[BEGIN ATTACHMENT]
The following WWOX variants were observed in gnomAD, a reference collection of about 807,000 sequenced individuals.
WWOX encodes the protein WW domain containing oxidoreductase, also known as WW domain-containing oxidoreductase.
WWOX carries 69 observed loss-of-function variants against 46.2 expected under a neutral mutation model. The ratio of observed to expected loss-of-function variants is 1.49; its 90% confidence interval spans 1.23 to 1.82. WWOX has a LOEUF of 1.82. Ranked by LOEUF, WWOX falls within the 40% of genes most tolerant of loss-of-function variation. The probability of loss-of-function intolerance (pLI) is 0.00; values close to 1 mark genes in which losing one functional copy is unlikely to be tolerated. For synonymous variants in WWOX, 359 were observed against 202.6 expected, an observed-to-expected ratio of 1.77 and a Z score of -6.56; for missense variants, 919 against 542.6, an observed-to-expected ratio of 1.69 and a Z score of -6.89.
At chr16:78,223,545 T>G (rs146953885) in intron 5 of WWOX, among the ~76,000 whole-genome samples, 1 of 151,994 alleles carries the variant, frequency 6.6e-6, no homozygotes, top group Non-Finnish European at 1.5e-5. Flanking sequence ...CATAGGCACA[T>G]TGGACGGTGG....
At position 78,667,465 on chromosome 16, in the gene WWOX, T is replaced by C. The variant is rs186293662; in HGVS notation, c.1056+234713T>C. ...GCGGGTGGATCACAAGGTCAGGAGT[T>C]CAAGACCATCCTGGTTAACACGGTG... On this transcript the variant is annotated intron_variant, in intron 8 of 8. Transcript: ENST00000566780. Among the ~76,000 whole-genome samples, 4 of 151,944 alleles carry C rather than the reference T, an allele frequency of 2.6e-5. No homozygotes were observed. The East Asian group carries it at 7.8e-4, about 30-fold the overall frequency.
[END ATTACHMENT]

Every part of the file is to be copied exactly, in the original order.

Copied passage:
The following WWOX variants were observed in gnomAD, a reference collection of about 807,000 sequenced individuals.
WWOX encodes the protein WW domain containing oxidoreductase, also known as WW domain-containing oxidoreductase.
WWOX carries 69 observed loss-of-function variants against 46.2 expected under a neutral mutation model. The ratio of observed to expected loss-of-function variants is 1.49; its 90% confidence interval spans 1.23 to 1.82. WWOX has a LOEUF of 1.82. Ranked by LOEUF, WWOX falls within the 40% of genes most tolerant of loss-of-function variation. The probability of loss-of-function intolerance (pLI) is 0.00; values close to 1 mark genes in which losing one functional copy is unlikely to be tolerated. For synonymous variants in WWOX, 359 were observed against 202.6 expected, an observed-to-expected ratio of 1.77 and a Z score of -6.56; for missense variants, 919 against 542.6, an observed-to-expected ratio of 1.69 and a Z score of -6.89.
At chr16:78,223,545 T>G (rs146953885) in intron 5 of WWOX, among the ~76,000 whole-genome samples, 1 of 151,994 alleles carries the variant, frequency 6.6e-6, no homozygotes, top group Non-Finnish European at 1.5e-5. Flanking sequence ...CATAGGCACA[T>G]TGGACGGTGG....
At position 78,667,465 on chromosome 16, in the gene WWOX, T is replaced by C. The variant is rs186293662; in HGVS notation, c.1056+234713T>C. ...GCGGGTGGATCACAAGGTCAGGAGT[T>C]CAAGACCATCCTGGTTAACACGGTG... On this transcript the variant is annotated intron_variant, in intron 8 of 8. Transcript: ENST00000566780. Among the ~76,000 whole-genome samples, 4 of 151,944 alleles carry C rather than the reference T, an allele frequency of 2.6e-5. No homozygotes were observed. The East Asian group carries it at 7.8e-4, about 30-fold the overall frequency.